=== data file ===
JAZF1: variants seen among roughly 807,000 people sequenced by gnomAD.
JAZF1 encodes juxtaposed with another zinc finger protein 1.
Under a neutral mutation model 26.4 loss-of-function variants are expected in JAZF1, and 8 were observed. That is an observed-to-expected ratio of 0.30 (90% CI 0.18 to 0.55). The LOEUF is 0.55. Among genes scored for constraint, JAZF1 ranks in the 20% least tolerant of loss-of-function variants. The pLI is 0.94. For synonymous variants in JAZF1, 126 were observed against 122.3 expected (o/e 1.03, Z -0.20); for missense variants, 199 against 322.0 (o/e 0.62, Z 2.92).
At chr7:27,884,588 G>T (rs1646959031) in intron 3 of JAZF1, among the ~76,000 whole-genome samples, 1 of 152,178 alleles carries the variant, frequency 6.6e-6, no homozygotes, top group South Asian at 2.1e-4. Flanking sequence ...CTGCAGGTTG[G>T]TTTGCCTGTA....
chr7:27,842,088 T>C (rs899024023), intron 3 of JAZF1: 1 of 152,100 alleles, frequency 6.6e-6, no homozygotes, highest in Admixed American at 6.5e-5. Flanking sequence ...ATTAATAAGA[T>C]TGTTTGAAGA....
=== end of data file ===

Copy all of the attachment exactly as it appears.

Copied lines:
JAZF1: variants seen among roughly 807,000 people sequenced by gnomAD.
JAZF1 encodes juxtaposed with another zinc finger protein 1.
Under a neutral mutation model 26.4 loss-of-function variants are expected in JAZF1, and 8 were observed. That is an observed-to-expected ratio of 0.30 (90% CI 0.18 to 0.55). The LOEUF is 0.55. Among genes scored for constraint, JAZF1 ranks in the 20% least tolerant of loss-of-function variants. The pLI is 0.94. For synonymous variants in JAZF1, 126 were observed against 122.3 expected (o/e 1.03, Z -0.20); for missense variants, 199 against 322.0 (o/e 0.62, Z 2.92).
At chr7:27,884,588 G>T (rs1646959031) in intron 3 of JAZF1, among the ~76,000 whole-genome samples, 1 of 152,178 alleles carries the variant, frequency 6.6e-6, no homozygotes, top group South Asian at 2.1e-4. Flanking sequence ...CTGCAGGTTG[G>T]TTTGCCTGTA....
chr7:27,842,088 T>C (rs899024023), intron 3 of JAZF1: 1 of 152,100 alleles, frequency 6.6e-6, no homozygotes, highest in Admixed American at 6.5e-5. Flanking sequence ...ATTAATAAGA[T>C]TGTTTGAAGA....